This Freaky Recording Of A Rudyard Kipling Poem Is Used To Train Elite Soldiers For Torture

Rudyard kiplingWikipediaRudyard Kipling.

Anyone who has ever attended the US Navy’s Survival, Evasion, Resistance, and Escape (SERE) school will never forget Rudyard Kipling’s poem “Boots,” according to SERE graduate and Navy veteran Ward Carroll.

SERE school is designed to train US troops on how to survive if they were to be captured and tortured. Carroll, who attended SERE in 1984, particularly remembers Kipling reciting his poem “Boots” over and over again in a very haunting voice while he was detained in a small cell.

The poem is about the endless marching the British infantry did while colonizing parts of Africa. Soldiers would march for weeks with no known destination and did nothing but “go mad” watching the boots in front of them. Since the war was still on, they couldn’t take leave or as Kipling put it, “there’s no discharge from the war”.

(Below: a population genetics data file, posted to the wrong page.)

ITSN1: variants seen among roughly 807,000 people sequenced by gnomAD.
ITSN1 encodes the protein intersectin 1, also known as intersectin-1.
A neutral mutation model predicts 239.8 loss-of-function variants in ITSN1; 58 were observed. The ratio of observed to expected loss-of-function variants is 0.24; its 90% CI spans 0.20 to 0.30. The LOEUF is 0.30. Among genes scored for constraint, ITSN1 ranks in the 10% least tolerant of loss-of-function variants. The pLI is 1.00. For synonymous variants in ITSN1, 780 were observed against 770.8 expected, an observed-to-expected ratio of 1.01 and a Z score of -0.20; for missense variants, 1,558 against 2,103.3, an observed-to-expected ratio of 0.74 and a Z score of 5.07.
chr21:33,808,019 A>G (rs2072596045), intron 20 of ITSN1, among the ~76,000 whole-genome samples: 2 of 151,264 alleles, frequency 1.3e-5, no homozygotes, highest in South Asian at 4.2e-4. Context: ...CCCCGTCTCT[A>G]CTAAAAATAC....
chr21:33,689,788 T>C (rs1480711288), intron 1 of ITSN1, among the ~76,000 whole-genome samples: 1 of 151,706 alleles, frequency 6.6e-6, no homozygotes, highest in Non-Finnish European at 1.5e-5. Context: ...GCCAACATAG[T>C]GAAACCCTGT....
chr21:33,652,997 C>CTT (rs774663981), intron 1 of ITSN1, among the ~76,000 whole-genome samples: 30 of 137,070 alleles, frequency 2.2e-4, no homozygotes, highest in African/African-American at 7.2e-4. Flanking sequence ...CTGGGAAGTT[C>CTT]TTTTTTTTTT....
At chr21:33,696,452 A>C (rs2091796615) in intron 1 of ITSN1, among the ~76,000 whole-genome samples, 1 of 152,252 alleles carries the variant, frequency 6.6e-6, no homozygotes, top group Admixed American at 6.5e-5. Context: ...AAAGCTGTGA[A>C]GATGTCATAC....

Here are the beginning verses of Rudyard Kipling’s “Boots” (and here is the full poem):

We’re foot … slog … slog … slog … sloggin’ over Africa

Foot … foot … foot … foot … sloggin’ over Africa —

Boots … boots … boots … boots … movin’ up and down again!

There’s no discharge in the war!

Seven … six … eleven … five … nine-an’-twenty mile today

Four … eleven … seventeen … thirty two the day before —

Boots … boots … boots … boots … movin’ up and down again!

There’s no discharge in the war!

Don’t … don’t … don’t … don’t … look at what’s in front of you

Boots … boots … boots … boots … movin’ up an’ down again —

Men … men … men … men … men go mad with watchin’ ’em

An’ there’s no discharge in the war!

Here is Kipling reciting his poem:

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